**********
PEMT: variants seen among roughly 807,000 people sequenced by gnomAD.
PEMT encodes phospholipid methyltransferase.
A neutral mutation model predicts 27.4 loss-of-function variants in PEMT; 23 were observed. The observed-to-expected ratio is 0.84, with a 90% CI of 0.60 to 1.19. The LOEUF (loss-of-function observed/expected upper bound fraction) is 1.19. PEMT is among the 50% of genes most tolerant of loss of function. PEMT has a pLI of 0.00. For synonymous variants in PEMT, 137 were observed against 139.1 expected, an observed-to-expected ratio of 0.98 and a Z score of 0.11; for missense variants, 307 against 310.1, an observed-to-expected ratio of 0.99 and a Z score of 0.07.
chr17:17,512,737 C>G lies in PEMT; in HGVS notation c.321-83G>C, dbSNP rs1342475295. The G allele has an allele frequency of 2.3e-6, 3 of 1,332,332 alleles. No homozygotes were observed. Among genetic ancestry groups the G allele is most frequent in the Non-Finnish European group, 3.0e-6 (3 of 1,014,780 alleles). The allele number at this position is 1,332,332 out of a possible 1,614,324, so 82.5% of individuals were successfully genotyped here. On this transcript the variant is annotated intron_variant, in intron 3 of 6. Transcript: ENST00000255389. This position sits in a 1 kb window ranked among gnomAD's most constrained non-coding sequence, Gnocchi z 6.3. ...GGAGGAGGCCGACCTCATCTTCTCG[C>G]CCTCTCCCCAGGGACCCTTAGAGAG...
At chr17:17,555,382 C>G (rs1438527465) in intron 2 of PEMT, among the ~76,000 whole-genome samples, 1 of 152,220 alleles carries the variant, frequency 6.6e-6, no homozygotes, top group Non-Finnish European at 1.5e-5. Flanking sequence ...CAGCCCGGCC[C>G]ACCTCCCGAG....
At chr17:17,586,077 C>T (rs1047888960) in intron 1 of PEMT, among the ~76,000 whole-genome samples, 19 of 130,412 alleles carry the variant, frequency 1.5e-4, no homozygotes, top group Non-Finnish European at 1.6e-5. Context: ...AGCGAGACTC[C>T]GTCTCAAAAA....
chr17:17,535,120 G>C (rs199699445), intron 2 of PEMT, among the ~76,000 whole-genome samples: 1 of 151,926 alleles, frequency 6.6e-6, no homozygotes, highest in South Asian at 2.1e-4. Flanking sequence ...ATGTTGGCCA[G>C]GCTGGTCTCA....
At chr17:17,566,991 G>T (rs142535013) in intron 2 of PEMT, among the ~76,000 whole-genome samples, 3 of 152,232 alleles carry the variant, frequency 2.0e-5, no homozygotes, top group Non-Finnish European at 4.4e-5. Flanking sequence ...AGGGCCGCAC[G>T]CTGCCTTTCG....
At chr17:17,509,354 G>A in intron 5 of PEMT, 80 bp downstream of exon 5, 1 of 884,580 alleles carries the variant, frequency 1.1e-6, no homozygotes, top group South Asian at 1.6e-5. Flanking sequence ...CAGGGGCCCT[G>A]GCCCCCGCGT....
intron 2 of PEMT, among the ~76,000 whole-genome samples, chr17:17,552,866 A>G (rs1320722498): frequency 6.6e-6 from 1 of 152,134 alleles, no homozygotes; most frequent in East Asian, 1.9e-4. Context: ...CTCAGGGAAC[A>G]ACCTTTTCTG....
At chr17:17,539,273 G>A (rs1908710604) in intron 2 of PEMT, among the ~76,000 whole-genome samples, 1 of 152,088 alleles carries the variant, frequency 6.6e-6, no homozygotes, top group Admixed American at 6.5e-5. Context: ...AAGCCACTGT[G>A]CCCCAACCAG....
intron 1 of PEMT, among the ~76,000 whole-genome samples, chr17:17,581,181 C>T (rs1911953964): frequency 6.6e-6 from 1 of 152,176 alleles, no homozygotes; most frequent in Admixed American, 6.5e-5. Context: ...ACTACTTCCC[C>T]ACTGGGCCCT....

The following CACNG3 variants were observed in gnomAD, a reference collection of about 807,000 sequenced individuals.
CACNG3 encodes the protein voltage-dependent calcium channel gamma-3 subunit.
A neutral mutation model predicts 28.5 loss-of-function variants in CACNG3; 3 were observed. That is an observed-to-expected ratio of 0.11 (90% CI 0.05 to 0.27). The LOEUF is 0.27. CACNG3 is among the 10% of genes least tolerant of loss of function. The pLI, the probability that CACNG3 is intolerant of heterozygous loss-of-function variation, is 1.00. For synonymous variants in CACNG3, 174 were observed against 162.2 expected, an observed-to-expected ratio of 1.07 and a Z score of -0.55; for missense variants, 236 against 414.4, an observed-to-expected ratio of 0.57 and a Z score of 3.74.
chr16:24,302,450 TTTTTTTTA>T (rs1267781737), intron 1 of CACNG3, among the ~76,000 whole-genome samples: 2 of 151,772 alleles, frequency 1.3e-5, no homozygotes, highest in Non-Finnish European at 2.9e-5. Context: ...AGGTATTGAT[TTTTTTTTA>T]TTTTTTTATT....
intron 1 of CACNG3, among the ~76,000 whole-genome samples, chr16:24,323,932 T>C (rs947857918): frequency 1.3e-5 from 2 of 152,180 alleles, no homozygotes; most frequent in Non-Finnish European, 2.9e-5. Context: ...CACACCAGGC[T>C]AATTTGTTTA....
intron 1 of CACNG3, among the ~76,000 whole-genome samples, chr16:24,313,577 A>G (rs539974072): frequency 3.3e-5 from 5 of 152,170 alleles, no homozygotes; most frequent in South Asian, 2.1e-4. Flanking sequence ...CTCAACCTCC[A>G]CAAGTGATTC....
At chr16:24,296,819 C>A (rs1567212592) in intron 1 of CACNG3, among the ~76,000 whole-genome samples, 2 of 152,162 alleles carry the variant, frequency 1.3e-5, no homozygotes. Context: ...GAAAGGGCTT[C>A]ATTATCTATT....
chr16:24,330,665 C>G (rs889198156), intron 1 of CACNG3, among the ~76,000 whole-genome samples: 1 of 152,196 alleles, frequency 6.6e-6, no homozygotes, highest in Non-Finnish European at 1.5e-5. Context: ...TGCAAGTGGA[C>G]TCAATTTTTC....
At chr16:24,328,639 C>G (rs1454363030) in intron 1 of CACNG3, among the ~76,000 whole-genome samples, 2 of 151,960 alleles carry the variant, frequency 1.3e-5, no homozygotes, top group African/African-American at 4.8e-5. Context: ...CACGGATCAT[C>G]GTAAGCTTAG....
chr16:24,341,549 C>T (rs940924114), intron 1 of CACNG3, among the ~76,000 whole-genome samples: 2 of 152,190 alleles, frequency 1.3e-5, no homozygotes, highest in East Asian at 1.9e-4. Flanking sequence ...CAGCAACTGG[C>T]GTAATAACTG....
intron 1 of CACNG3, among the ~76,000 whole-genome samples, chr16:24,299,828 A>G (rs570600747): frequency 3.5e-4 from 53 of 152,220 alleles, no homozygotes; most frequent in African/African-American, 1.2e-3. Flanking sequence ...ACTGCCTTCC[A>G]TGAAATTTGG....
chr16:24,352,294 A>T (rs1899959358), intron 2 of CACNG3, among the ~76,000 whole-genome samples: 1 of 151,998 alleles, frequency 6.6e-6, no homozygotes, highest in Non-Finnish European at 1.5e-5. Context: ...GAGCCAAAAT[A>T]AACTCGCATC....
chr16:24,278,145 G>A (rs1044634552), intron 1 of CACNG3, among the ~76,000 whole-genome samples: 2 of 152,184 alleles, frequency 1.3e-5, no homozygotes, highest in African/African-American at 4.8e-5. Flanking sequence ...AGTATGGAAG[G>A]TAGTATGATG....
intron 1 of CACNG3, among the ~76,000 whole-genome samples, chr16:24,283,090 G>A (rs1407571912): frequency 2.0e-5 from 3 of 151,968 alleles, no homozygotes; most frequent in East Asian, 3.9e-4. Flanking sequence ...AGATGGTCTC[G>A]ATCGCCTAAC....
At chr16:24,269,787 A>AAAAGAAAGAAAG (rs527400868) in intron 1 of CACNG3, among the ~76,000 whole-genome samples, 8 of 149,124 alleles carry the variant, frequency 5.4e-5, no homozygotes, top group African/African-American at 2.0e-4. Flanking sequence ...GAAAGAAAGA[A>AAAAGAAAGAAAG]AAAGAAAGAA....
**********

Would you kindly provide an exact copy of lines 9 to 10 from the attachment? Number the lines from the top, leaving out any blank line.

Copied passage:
At chr17:17,509,354 G>A in intron 5 of PEMT, 80 bp downstream of exon 5, 1 of 884,580 alleles carries the variant, frequency 1.1e-6, no homozygotes, top group South Asian at 1.6e-5. Flanking sequence ...CAGGGGCCCT[G>A]GCCCCCGCGT....
intron 2 of PEMT, among the ~76,000 whole-genome samples, chr17:17,552,866 A>G (rs1320722498): frequency 6.6e-6 from 1 of 152,134 alleles, no homozygotes; most frequent in East Asian, 1.9e-4. Context: ...CTCAGGGAAC[A>G]ACCTTTTCTG....